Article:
The situation in Gaza is now catastrophic, due to apartheid Israel’s illegal siege, now facilitated by Egypt. People barely have electricity, the power plant has shut down, the water situation is chronic and the health system facing catastrophe. This is a man-made disaster which can be stopped with political will and integrity – we won’t see this from the ‘international community’. Let’s tell our politicians to take some action. (This post is now UPDATED with information on the flooding and escalating crisis in Gaza, as of December 15th )
Please email this or your own personalised version to your TDs. Link to all TD email addresses.
Many thanks, Gaza Action Ireland
I am writing to you to express my deep concern about the desperate situation that the people of Gaza are currently in. On November 1st the United Nations Humanitarian Coordinator Mr. James W. Rawley called for urgent action to address the looming humanitarian crisis due to the shut-down of Gaza’s only power plant. This shut-down means that people have only around 6 hours of electricity per day – a situation which impacts every aspect of life there. Such outages affect the hospitals, water and sewage systems and, with the largest waste water treatment plants stopping due to lack of fuel, Gaza’s residents are faced with sewage flowing down the streets. Children, having waded through sewage to get to school, are having to study in the dark.
Hospitals are in a near catastrophic situation – on top of the lack of electricity and fuel, medicines are running extremely low, with some stocks at or near zero percent. The Ministry of Health has warned of an imminent “health catastrophe” due to these shortages of medical supplies and equipment.
The siege, which already was crippling Gaza’s economy, has now been tightened by the Egyptian regime with many of the tunnels, the Strip’s lifelines, now closed thus halting the inflow of basic food and fuel commodities, many of which are banned by Israel.
Last week, outgoing UNRWA Commissioner Genera Filippo Grandi warned that “Gaza is quickly becoming uninhabitable” and Oxfam, describing the dire economic scenario said: “80 percent of people … receive international aid, 57 percent of households are food insecure, exports are virtually non-existent, many basic services are barely functioning, and unemployment is over 35 percent and rising.”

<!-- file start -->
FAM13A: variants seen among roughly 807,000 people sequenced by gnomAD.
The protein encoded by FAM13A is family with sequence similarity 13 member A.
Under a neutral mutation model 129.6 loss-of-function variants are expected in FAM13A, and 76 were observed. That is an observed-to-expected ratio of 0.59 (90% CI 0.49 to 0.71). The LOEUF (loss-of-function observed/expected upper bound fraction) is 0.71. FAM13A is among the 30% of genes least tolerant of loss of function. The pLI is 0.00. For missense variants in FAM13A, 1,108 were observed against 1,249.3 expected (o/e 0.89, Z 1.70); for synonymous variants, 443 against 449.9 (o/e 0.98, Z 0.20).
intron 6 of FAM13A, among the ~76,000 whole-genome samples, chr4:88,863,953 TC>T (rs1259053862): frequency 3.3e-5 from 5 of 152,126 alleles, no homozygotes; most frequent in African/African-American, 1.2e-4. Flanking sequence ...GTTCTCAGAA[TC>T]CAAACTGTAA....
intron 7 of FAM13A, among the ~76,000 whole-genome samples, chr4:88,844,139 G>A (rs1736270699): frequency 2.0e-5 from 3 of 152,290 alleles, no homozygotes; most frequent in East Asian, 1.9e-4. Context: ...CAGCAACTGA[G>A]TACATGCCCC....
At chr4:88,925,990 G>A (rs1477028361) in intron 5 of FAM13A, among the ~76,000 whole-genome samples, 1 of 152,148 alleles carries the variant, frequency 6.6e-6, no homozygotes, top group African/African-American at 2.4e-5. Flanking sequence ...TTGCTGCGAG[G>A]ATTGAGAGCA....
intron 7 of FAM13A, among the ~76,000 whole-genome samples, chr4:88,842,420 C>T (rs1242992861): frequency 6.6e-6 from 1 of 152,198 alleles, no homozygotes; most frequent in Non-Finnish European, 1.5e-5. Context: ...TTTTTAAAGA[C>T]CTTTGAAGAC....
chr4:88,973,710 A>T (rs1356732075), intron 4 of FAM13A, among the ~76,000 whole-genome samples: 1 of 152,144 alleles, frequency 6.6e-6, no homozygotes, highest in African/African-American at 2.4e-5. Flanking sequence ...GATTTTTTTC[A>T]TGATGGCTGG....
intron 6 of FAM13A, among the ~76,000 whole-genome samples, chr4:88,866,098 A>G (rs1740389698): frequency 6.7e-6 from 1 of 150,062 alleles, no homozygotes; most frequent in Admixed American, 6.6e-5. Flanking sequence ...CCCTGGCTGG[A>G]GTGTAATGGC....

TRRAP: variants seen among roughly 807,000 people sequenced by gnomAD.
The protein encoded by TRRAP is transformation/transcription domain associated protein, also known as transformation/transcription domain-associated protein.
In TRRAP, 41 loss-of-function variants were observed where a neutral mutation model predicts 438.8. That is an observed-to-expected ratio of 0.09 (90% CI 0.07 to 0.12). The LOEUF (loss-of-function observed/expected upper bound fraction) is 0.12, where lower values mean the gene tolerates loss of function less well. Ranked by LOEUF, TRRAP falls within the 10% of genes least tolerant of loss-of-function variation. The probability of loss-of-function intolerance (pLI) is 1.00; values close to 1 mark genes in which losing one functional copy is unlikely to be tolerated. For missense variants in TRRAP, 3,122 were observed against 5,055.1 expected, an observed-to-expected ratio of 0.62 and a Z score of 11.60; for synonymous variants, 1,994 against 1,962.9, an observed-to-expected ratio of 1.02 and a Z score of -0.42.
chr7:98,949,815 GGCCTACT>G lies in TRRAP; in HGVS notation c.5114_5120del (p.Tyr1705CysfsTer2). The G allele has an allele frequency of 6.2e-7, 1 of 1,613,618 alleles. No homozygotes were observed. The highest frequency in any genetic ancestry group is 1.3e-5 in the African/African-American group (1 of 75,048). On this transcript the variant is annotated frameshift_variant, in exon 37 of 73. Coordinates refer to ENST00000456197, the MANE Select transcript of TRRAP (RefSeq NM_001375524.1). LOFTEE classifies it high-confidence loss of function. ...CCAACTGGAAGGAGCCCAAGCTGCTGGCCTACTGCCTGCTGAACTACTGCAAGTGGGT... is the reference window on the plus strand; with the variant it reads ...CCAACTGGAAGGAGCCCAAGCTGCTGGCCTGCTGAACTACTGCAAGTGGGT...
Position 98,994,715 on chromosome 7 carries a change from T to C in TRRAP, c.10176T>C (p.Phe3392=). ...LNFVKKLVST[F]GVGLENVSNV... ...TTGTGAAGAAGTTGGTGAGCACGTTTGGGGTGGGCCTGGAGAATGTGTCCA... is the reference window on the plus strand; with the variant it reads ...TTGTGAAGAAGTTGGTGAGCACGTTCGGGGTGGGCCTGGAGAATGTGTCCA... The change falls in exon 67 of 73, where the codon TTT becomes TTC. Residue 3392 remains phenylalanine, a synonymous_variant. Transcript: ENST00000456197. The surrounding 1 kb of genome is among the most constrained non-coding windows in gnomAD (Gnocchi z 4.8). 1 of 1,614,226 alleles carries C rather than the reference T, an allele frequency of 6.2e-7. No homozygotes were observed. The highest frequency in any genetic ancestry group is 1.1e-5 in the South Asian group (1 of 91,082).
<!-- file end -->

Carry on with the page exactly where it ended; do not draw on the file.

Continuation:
As well as all of the above, freedom of movement is severely curtailed, with the Palestinians in Gaza only able to leave through the Rafah crossing intermittently, their freedom of movement is at the whim of Israel and Egypt.
To compound the illegal siege, Israel makes regular military incursions into Gaza’s waters and airspace, thus violating the ceasefire. Farmers and fishers are regularly attacked while trying to make a living and people are subjected to airstrikes.
As of December, Gaza is experiencing increased catastrophe due to flooding, with thousands made homeless. ‘UNRWA spokesperson Chris Gunness said: “Any normal community would struggle to recover from this disaster. But a community that has been subjected to one of the longest blockades in human history, whose public health system has been destroyed and where the risk of disease was already rife, must be freed from these man made constraints to deal with the impact of a natural calamity such as this.”
Severe flooding has forced thousands from their homes.
The relief committee at the Arab Doctors Union has warned of a health disaster in the Gaza Strip as a result of the worsening humanitarian conditions in the besieged enclave.
Collective punishment is illegal under international law yet Israel maintains its blockade of Gaza with no sanction from the international community. Ireland, as a member of the EU, should try to exert some leverage to ensure that Israel is made to abide by international law – instead, we see Israel being rewarded with upgraded relations and with research programmes.
As a voter, I want to hear from my TDs that you are going to do something concrete to stop this outrageous situation in Gaza, a manmade crisis which could be solved with some political will and meaningful action.